Saturday, June 16, 2018

“Discovering Faith in a Pair of Bulls” (Mark 4:26-34)


As the young family was leaving church, the daughter was telling her parents about her Sunday school class: “Today in Sunday school we learned how Jesus loved to teach about a couple of cows.”  The mother smiled and said, “I think you mean ‘parables,’ sweetie.”

Because I like “word play” humor, one of my favorite cartoon strips—Funky Winkerbean, had a strip in which the class was being given a vocabulary test in which they had to define certain words.  In the strip there is a student who happens to be a “jock” and he is pondering over a word . . . “parable.”  In the next frame of the strip we see him writing furiously his definition of the word.  In the last frame we are given the opportunity to see his answer . . . “A pair of bulls.”

Get it?  A pair of bulls . . . a couple of cows!

Personally, I think that it is funny in its cleverness . . . but, when it comes right down to it, describing parables and what they mean is not easy.  In fact, it can be downright difficult and frustrating.  Our reading this morning tells us: “With many similar parables Jesus spoke the word to them, as much as they could understand.  He did not say anything to them without using a parable.”  Which, we are led to believe by the writer of Mark’s gospel, that they had a hard time understanding.  The writer goes on to state: “But when he was alone with his own disciples, he explained everything.”  Apparently, parables are not as easy to understand as they sound when shared.

Yet, Jesus uses them all the time.

In our reading this morning, he shares what biblical scholars call “Kingdom parables”—parables about what the Kingdom of God is like.  He tells the parables of The Growing Seed and The Mustard Seed.  The first is about how a sower scatters seeds and nothing else, and all by itself the grain grows until it is big enough to harvest.  In the second, he tells how the mustard seed—the tiniest of all seeds—grows into the largest of all garden plants—big enough for birds to perch in its shade.  These describe for the listener what the Kingdom of God is like.

Sounds simple enough.  We all get it, right?  We understand the parables meaning, right?  It is as clear as mud . . . who are we to admit that we don’t quite understand . . . that we don’t quite understand how either of these parables relate to God and God’s kingdom.  That’s a part of human nature.  We would rather wink and shake our heads as if we understand, rather than admit that we have no clue what Jesus is talking about.  It is not “black and white” in its explanation . . . it is not concrete and literal.

Karoline Lewis, Associate Professor of Preaching at Luther Seminary in Saint Paul, Minnesota, states that parables are not simple linear interpretive exercises in reasoning . . . like one plus one equals two.  Parables are not designed that way.  She states that in its root meaning para means alongside, and bole comes from the root ballein which means to throw or cast.  Thus, a parable is something that is thrown alongside something else—they run alongside of each other like two parallel lines that will never meet.  To understand one must use a back and forth dialogue between the two—the interpretation lies in a mutual, reciprocal, even circular motion.  It is not a simple one plus one equals two is the end result . . . no, the understanding comes as they run side by side. (Dear Working Preacher blog, June 7, 2018)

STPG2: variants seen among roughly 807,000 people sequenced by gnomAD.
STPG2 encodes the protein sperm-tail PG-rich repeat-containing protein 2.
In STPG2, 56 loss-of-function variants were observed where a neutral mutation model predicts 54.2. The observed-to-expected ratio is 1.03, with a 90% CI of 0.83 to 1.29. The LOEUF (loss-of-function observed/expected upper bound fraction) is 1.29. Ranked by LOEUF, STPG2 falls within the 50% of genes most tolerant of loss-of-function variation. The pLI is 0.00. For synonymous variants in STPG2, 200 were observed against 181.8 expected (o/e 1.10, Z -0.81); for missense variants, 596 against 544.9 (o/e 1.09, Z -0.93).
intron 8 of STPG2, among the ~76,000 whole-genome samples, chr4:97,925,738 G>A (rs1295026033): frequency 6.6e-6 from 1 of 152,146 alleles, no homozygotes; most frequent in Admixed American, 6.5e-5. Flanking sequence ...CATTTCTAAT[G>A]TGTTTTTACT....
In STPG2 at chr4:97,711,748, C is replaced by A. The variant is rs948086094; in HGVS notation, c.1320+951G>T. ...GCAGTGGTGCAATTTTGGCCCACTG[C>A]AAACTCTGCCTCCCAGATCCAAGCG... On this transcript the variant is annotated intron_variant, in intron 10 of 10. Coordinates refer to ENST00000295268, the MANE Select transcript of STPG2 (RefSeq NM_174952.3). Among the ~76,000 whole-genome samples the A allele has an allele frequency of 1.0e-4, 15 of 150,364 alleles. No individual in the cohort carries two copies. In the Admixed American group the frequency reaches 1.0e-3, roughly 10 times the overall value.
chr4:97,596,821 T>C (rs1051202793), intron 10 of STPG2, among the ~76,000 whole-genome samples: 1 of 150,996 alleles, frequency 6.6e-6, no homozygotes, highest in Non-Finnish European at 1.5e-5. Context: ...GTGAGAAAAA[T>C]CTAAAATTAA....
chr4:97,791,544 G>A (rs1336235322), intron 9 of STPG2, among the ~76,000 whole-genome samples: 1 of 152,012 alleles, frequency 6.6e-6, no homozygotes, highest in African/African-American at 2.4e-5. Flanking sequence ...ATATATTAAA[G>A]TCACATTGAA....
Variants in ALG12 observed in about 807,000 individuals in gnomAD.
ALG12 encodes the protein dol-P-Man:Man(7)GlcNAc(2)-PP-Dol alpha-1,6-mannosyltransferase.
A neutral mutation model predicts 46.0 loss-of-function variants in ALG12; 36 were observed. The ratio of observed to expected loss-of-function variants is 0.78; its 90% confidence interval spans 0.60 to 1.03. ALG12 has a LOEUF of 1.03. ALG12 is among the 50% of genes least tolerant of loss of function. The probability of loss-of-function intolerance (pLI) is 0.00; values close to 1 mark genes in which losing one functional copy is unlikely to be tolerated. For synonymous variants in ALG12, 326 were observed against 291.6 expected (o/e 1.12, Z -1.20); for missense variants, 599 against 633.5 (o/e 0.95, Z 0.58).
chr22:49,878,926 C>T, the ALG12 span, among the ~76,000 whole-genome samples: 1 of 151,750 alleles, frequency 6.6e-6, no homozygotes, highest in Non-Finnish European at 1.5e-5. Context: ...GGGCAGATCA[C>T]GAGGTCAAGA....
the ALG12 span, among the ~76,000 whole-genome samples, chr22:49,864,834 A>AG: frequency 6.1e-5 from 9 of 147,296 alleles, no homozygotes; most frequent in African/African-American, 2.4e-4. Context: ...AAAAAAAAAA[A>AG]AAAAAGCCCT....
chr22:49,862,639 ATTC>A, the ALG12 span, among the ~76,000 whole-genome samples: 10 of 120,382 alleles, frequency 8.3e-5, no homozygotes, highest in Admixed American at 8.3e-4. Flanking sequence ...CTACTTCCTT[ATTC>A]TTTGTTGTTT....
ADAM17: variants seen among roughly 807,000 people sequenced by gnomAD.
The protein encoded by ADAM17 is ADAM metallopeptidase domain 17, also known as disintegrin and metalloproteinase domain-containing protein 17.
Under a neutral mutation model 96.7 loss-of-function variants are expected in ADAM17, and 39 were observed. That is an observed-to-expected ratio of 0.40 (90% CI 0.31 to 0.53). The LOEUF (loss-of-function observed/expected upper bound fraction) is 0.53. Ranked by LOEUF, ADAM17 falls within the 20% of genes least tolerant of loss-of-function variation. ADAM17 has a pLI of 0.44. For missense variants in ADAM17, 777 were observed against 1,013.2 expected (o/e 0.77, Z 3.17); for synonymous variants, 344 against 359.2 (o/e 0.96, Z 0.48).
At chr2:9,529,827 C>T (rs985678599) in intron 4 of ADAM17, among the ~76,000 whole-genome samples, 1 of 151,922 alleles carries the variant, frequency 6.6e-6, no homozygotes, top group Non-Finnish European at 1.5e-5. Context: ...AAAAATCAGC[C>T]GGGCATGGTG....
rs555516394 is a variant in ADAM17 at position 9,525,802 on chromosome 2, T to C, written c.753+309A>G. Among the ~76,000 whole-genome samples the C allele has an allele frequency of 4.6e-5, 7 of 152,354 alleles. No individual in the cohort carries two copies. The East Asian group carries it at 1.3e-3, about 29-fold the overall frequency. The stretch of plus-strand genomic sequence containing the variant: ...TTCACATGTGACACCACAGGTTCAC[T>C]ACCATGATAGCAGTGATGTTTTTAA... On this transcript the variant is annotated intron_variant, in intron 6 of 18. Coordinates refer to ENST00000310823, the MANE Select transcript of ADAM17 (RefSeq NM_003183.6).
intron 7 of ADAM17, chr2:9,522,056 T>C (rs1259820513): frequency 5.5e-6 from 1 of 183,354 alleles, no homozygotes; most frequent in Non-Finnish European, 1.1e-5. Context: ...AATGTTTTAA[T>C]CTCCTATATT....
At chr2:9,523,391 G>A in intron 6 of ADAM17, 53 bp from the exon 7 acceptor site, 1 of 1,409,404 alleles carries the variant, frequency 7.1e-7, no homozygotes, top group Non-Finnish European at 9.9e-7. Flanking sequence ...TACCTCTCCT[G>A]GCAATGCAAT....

In these two examples Jesus provides specific parables to which the listeners are to imagine the nature of and truth about the kingdom of God.  He is suggesting that by speaking in parables is a means by which to make sense of things, as being a way to be in the world, and to operate in the world.  Through parables the listener is offered a lens through which certain concepts of faith or a means of glimpsing God’s activity in the world.  They point to a reality of life . . . that there are often aspects about our lives, God included, that only make sense in parable, states Lewis.  In a way, then, we might even say that parables are necessary for making sense of life.  (Dear Working Preacher, June 7, 2018)  

And, guess what . . . since we all go through and experience life differently, the odds are pretty good that none of us is going to see parables exactly alike.  We are going to interpret them differently as our lives are different and we experience life differently.  Plus, what we think they mean today probably is not what we are going to think that they mean tomorrow.  We are constantly growing and changing as we journey through life, and our experience of God changes as we change and grow in our faith.  Thus, we do not always agree.  Because of this, parables are tough to explain.

Parables are simple word stories that help us make sense of ourselves, our world, God, and God’s presence in the world.  Parables help us to understand.  Everyone loves a good story.  Since the beginning of time the human race has used stories to help us understand . . . that is how we explain things . . . make sense of things. 

Which does not always happen.